• By default, the number appears at the left margin, and the item text is indented to the first tab stop to the right. If you want to indent the entire numbered paragraph - number and all -- change the first-line indent of the paragraph, as explained in Chapter 7. To change the amount of space between the number and the text, change the position of the tab stop.
  • The neat thing about WordPerfect's numbering feature is that if you later need to delete an item from your list or add an item, WordPerfect renumbers the list automatically. To add an item, first turn on the New Bullet or Number on Enter check box in the Bullets & Numbers dialog box. Then click just before the paragraph break of the preceding item. Press Enter to get the number for the new item. To delete a numbered item, just delete the paragraph as you normally would. To remove the numbers from a numbered list, you have to remove them one by one, manually. You can also select the numbered paragraphs and apply the None style, as explained in "Applying styles," in Chapter 9.

Numbering Your Pages

WordPerfect can automatically number the pages in your document -- and renumber them if you add or delete pages. To turn on automatic page numbering for a document, walk this way:

  1. Make sure that no text is selected.
  2. Click anywhere on the page where you want the page numbering to begin.

    If your document has a title page, for example, and you want the numbering to begin on page 2, click on page 2.

  3. Choose Format --> Page Numbering --> Select.

    The dialog box shown in Figure 8-2 appears.

  4. Select the placement and format of the page numbers.

    Choose the placement from the Position drop-down list and the format from the Page Numbering Format list box. The preview at the bottom of the dialog box shows you how and where the page numbers appear.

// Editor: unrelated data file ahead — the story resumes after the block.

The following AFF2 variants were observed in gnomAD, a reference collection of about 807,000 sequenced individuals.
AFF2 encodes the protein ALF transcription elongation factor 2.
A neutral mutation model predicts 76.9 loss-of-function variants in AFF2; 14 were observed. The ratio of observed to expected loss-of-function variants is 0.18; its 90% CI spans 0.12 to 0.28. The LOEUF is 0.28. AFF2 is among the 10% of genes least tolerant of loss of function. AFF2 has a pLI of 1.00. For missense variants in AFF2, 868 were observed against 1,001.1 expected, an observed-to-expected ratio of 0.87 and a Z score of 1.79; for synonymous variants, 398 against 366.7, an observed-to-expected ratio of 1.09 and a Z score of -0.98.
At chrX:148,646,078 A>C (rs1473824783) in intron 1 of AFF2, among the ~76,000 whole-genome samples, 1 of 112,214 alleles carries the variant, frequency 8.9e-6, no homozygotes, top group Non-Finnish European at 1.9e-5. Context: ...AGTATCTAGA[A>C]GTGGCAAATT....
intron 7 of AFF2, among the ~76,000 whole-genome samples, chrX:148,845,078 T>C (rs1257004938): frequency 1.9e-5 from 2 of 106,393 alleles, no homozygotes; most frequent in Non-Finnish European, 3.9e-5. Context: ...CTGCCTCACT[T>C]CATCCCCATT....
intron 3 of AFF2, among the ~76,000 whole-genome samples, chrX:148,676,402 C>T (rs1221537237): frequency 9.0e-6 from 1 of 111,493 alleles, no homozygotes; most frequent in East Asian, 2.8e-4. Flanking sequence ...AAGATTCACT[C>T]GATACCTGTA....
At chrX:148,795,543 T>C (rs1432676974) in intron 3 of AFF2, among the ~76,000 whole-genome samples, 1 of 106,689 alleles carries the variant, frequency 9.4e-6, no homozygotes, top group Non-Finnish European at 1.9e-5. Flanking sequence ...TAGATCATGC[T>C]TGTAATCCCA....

5. Choose the font and size for your page numbers.

    Page numbers normally appear in the same font as the initial document font. If you want to use a different font, click on the Font button to open the standard Font dialog box, discussed in Chapter 7. After you specify the font, size, style, and other font attributes, click on OK.

  6. Set the starting page number.

    Normally, WordPerfect numbers pages according to their position in your document. Suppose that in Step 1, you click on the third page of your document to tell WordPerfect that you want page numbering to begin on that page -- maybe pages one and two are your title page and table of contents. If you want that third page to be numbered Page 1, you need to click on the Value button to display the dialog box shown in Figure 8-3. Enter the starting page number in the Set Page Number option box, ignore the rest of the options, and click on OK.

    If you later want to reset the starting page number, you can get to the Values dialog box quickly by choosing Format --> Page Numbering --> Value/Adjust.

  7. Click on OK.

    The page numbers appear as you requested. (You must be working in Page view or Two Page view to see them.) If you add or delete pages, WordPerfect renumbers the pages as needed.

To remove page numbers, click on the first numbered page, choose Format --> Page Numbering --> Select, and choose No Page Numbering from the Position drop-down list in the Select Page Numbering Format dialog box.

If you want to prevent a page number from printing on a particular page, click on that page, choose Format --> Page --> Suppress, and turn on the check box for the Page Numbering item.

Inserting the Current Date and Time

Here's a tool you'll love if you're never sure what day it is, let alone what time it is. WordPerfect can automatically insert the current date and/or time into your text and even update the information each time you open or print the document. You may want to use this feature to add the date to form letters that you use frequently, for example.